African and Native American Contact in the United States

Anthropological and Historical Perspectives (First Edition)
Edited by Robert Keith Collins
Paperback, 214 pages
ISBN: 978-1-5165-0860-0 ©2018
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African and Native American Contact in the United States
African and Native American Contact in the United States

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Summary
    The anthology African and Native American Contact in the United States: Anthropological and Historical Perspectives explores how anthropologists and historians have, over time, understood the dynamics between Africans and Native Americans. The book brings together four fields of anthropological knowledge and the historical record to illuminate the lived realities at the root of African and Native American contact.

    The first four chapters are organized around specific paradigms centered on archaeological research, culture, linguistics, and history. These paradigms frame selected readings on specific topics such as ethnogenesis in African-Native American settlements, transculturalization, Cherokee folklore, and the experiences of those of mixed blood. The final chapters are devoted to the 21st century relevance of the four paradigms, as well as 21st century implications of African and Native American contact.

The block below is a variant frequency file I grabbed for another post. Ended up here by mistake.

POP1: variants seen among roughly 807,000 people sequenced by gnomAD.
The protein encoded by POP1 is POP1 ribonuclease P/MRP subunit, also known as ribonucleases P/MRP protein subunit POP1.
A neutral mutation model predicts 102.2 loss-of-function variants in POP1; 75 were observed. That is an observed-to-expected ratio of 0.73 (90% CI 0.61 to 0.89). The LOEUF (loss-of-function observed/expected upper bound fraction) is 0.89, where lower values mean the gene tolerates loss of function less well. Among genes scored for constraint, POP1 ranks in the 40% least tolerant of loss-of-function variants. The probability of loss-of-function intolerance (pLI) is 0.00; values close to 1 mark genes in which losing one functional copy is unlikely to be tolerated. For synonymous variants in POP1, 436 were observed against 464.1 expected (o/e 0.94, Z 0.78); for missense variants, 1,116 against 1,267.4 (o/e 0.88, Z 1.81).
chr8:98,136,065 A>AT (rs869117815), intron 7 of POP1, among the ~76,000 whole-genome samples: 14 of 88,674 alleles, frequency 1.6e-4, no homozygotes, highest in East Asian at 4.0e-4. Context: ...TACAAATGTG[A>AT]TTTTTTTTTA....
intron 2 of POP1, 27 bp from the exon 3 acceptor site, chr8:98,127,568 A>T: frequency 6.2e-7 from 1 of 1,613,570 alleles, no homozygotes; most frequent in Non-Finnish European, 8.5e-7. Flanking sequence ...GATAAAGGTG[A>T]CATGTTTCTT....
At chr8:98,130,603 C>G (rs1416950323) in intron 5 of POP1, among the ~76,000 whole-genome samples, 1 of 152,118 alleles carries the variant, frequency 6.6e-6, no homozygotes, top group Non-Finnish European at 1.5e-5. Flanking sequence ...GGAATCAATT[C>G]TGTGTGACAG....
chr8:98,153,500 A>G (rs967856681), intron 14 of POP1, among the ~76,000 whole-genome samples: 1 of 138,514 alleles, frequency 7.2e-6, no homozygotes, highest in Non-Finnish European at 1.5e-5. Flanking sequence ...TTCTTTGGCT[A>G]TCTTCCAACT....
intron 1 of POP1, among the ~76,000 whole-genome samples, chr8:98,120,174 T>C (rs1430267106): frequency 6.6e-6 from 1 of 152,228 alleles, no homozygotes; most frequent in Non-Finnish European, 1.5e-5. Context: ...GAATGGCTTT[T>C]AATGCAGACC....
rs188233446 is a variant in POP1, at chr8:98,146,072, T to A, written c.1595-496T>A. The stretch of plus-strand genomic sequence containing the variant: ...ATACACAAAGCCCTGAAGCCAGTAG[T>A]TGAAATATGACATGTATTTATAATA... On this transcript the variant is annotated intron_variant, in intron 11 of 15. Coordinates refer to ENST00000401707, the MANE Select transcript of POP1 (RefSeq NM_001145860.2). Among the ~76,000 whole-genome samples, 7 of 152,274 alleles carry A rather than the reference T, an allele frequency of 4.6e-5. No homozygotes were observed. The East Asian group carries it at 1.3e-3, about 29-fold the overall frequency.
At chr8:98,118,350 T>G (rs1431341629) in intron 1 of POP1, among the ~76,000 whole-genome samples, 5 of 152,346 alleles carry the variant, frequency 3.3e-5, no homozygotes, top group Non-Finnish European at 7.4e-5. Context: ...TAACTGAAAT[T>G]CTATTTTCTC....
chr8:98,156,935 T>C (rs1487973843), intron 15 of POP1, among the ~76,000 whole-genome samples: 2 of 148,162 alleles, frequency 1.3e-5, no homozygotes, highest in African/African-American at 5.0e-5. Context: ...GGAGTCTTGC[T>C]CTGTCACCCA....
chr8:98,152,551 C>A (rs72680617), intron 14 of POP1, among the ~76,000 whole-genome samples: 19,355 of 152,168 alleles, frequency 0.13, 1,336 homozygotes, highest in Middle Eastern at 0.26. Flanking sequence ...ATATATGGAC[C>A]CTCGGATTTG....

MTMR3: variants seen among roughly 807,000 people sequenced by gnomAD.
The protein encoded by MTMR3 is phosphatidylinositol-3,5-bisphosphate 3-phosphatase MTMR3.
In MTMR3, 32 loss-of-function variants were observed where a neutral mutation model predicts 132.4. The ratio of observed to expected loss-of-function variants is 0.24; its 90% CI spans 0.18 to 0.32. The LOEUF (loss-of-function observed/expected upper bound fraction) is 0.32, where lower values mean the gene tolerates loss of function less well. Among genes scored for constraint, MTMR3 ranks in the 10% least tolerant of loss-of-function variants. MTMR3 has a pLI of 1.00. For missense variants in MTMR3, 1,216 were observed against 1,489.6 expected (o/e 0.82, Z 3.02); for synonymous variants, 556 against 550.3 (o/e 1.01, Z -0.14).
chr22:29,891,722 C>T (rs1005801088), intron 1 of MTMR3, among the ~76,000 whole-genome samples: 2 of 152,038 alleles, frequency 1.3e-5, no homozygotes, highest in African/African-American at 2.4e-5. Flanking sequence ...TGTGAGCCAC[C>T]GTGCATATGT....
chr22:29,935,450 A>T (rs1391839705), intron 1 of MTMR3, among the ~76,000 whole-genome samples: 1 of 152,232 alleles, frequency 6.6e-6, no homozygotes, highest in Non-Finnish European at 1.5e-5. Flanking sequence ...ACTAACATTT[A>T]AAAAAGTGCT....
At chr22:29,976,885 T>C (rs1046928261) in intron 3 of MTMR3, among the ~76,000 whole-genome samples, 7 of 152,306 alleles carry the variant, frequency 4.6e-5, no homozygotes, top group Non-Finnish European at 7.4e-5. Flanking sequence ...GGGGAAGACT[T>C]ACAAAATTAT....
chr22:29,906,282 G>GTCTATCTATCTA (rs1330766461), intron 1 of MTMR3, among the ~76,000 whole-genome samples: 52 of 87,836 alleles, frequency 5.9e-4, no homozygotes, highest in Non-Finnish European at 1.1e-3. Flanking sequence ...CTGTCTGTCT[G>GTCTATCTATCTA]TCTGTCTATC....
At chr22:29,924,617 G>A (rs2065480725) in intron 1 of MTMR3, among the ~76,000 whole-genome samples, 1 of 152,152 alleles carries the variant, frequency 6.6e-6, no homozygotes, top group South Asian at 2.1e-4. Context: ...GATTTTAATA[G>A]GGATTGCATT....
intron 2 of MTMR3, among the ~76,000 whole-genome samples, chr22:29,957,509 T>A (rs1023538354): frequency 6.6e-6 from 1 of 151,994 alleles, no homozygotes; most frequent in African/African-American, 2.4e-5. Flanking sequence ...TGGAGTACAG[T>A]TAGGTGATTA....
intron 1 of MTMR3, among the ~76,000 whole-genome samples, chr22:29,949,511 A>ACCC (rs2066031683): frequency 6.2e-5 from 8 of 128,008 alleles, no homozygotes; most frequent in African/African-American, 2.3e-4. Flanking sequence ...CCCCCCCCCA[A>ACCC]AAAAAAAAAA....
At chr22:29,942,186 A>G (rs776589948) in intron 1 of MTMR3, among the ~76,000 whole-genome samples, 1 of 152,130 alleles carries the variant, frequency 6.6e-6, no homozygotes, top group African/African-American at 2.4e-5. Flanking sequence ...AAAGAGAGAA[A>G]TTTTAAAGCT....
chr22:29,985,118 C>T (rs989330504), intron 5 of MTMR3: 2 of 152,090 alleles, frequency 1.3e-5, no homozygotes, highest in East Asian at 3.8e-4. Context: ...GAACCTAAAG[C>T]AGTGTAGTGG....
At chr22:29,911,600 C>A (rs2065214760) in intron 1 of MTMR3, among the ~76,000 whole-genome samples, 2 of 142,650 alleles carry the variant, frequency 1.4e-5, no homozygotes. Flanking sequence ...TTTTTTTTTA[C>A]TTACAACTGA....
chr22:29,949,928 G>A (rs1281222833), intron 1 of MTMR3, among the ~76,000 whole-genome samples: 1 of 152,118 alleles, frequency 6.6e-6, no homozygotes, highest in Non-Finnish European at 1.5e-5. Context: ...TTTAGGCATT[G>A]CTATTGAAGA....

Featuring select previously printed works and thoughtfully written original material, African and Native American Contact in the United States thoughtfully combines primary sources that chronicle past events and an anthropological perspective that illuminates authentic experiences. The book is well-suited to courses in American Indian studies, African American studies, American history, and anthropology.

    Robert Keith Collins holds a Ph.D. in anthropology from the University of California, Los Angeles. Dr. Collins, a four-field trained anthropologist, is an associate professor of the American Indian Studies Department at San Francisco State University, where he has taught courses in American Indian studies, American Indian history in the United States, American Indian and African contact in North, Central, and South America, and American Indian Ethno-linguistics. His research interests include American Indian cultural change, American and Native American interaction, and person-centered ethnography. His recent efforts include being a co-curator of the Smithsonian’s traveling banner exhibit “IndiVisible: African-Native American Lives in the Americas.”